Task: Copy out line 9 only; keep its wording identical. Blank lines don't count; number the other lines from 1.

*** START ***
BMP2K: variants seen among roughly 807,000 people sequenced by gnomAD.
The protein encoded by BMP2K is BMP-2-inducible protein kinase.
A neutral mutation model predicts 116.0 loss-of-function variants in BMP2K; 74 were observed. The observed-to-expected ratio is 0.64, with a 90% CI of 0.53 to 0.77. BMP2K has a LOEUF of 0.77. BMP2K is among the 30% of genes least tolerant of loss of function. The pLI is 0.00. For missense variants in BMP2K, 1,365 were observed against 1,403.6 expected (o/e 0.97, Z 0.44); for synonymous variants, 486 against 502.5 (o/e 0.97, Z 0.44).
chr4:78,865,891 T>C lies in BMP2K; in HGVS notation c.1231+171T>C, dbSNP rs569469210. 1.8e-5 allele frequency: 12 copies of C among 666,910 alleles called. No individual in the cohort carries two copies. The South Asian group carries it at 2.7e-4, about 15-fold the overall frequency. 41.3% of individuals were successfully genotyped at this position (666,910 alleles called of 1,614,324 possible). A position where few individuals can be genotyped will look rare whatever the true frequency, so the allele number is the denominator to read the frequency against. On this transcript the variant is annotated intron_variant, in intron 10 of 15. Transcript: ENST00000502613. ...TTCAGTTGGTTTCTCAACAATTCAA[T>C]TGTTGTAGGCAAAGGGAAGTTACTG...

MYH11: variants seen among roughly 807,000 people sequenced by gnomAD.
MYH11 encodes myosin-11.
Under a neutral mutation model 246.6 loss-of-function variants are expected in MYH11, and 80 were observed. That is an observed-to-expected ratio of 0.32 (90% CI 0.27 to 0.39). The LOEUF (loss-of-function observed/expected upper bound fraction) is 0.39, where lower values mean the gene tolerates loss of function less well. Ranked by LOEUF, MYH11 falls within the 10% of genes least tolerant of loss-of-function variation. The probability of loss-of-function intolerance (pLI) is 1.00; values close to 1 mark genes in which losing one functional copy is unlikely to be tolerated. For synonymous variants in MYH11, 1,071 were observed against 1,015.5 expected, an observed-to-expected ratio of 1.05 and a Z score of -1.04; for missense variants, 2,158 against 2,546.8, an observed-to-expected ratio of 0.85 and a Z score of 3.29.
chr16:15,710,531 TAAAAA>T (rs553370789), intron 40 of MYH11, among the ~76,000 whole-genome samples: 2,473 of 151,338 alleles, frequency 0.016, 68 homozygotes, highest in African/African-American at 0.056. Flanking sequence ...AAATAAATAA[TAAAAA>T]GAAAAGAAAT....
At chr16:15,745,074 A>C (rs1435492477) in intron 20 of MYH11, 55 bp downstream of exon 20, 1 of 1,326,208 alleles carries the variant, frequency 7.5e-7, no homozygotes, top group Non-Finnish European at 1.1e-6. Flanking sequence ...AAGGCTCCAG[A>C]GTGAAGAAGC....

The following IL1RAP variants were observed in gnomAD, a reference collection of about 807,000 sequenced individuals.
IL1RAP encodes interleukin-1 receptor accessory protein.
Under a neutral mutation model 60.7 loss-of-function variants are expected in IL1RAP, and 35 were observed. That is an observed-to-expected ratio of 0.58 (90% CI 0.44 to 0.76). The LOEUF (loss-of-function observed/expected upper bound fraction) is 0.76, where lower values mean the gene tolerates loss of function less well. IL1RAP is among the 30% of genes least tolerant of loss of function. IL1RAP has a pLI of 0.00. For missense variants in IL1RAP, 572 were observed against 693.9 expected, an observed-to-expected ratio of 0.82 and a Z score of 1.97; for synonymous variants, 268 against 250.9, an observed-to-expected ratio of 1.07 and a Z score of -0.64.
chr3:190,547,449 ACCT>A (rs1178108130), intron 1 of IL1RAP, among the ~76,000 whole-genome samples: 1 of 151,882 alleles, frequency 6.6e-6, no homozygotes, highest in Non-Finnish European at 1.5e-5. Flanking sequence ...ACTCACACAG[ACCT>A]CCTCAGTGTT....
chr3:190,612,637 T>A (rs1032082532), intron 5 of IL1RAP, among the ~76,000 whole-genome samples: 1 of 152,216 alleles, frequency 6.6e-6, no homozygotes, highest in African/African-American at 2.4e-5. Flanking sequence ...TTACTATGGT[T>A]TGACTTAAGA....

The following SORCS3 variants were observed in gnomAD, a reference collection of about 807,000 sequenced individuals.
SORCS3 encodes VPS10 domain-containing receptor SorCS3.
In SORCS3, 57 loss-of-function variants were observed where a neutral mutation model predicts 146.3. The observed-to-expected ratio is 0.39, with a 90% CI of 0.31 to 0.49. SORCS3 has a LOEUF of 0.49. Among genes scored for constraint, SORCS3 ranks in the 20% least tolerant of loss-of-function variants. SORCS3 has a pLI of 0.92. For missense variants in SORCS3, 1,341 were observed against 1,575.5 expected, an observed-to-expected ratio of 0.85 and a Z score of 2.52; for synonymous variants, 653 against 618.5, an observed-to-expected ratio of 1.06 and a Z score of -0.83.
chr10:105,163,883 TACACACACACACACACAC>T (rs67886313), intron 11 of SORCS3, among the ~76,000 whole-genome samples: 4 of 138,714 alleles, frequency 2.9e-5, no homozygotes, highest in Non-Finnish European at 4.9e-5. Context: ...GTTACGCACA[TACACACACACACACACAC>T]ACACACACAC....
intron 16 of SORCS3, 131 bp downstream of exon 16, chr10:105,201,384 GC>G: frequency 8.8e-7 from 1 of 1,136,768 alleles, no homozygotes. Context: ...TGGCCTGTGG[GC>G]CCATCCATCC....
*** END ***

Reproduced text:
At chr16:15,745,074 A>C (rs1435492477) in intron 20 of MYH11, 55 bp downstream of exon 20, 1 of 1,326,208 alleles carries the variant, frequency 7.5e-7, no homozygotes, top group Non-Finnish European at 1.1e-6. Flanking sequence ...AAGGCTCCAG[A>C]GTGAAGAAGC....